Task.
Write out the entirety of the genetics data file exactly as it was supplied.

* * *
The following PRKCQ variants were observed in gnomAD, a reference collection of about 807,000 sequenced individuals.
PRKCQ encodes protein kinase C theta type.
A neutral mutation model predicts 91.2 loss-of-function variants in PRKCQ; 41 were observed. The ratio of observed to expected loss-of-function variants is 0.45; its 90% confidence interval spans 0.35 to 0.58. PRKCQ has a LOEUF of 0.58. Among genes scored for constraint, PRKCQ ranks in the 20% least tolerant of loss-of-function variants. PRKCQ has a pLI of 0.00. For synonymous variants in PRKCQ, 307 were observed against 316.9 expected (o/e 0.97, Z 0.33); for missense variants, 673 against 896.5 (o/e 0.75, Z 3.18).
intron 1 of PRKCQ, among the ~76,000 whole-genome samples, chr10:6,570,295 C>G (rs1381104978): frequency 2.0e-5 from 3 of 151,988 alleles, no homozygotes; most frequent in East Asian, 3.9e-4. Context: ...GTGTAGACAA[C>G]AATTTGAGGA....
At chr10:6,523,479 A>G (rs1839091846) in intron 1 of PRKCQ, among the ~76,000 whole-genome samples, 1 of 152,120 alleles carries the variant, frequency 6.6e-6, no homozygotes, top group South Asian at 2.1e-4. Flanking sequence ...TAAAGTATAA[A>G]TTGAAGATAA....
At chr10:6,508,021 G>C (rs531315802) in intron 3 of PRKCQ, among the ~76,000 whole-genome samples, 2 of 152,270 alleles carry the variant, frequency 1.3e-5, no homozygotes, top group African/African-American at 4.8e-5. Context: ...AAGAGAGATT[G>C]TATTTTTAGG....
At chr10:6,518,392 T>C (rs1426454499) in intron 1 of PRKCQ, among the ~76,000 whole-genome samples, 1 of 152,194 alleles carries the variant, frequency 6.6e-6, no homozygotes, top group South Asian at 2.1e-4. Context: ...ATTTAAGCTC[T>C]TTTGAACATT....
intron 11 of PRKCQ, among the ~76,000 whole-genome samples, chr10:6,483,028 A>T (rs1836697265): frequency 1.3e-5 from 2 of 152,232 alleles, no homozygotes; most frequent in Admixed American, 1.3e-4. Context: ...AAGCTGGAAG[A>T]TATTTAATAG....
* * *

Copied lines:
The following PRKCQ variants were observed in gnomAD, a reference collection of about 807,000 sequenced individuals.
PRKCQ encodes protein kinase C theta type.
A neutral mutation model predicts 91.2 loss-of-function variants in PRKCQ; 41 were observed. The ratio of observed to expected loss-of-function variants is 0.45; its 90% confidence interval spans 0.35 to 0.58. PRKCQ has a LOEUF of 0.58. Among genes scored for constraint, PRKCQ ranks in the 20% least tolerant of loss-of-function variants. PRKCQ has a pLI of 0.00. For synonymous variants in PRKCQ, 307 were observed against 316.9 expected (o/e 0.97, Z 0.33); for missense variants, 673 against 896.5 (o/e 0.75, Z 3.18).
intron 1 of PRKCQ, among the ~76,000 whole-genome samples, chr10:6,570,295 C>G (rs1381104978): frequency 2.0e-5 from 3 of 151,988 alleles, no homozygotes; most frequent in East Asian, 3.9e-4. Context: ...GTGTAGACAA[C>G]AATTTGAGGA....
At chr10:6,523,479 A>G (rs1839091846) in intron 1 of PRKCQ, among the ~76,000 whole-genome samples, 1 of 152,120 alleles carries the variant, frequency 6.6e-6, no homozygotes, top group South Asian at 2.1e-4. Flanking sequence ...TAAAGTATAA[A>G]TTGAAGATAA....
At chr10:6,508,021 G>C (rs531315802) in intron 3 of PRKCQ, among the ~76,000 whole-genome samples, 2 of 152,270 alleles carry the variant, frequency 1.3e-5, no homozygotes, top group African/African-American at 4.8e-5. Context: ...AAGAGAGATT[G>C]TATTTTTAGG....
At chr10:6,518,392 T>C (rs1426454499) in intron 1 of PRKCQ, among the ~76,000 whole-genome samples, 1 of 152,194 alleles carries the variant, frequency 6.6e-6, no homozygotes, top group South Asian at 2.1e-4. Context: ...ATTTAAGCTC[T>C]TTTGAACATT....
intron 11 of PRKCQ, among the ~76,000 whole-genome samples, chr10:6,483,028 A>T (rs1836697265): frequency 1.3e-5 from 2 of 152,232 alleles, no homozygotes; most frequent in Admixed American, 1.3e-4. Context: ...AAGCTGGAAG[A>T]TATTTAATAG....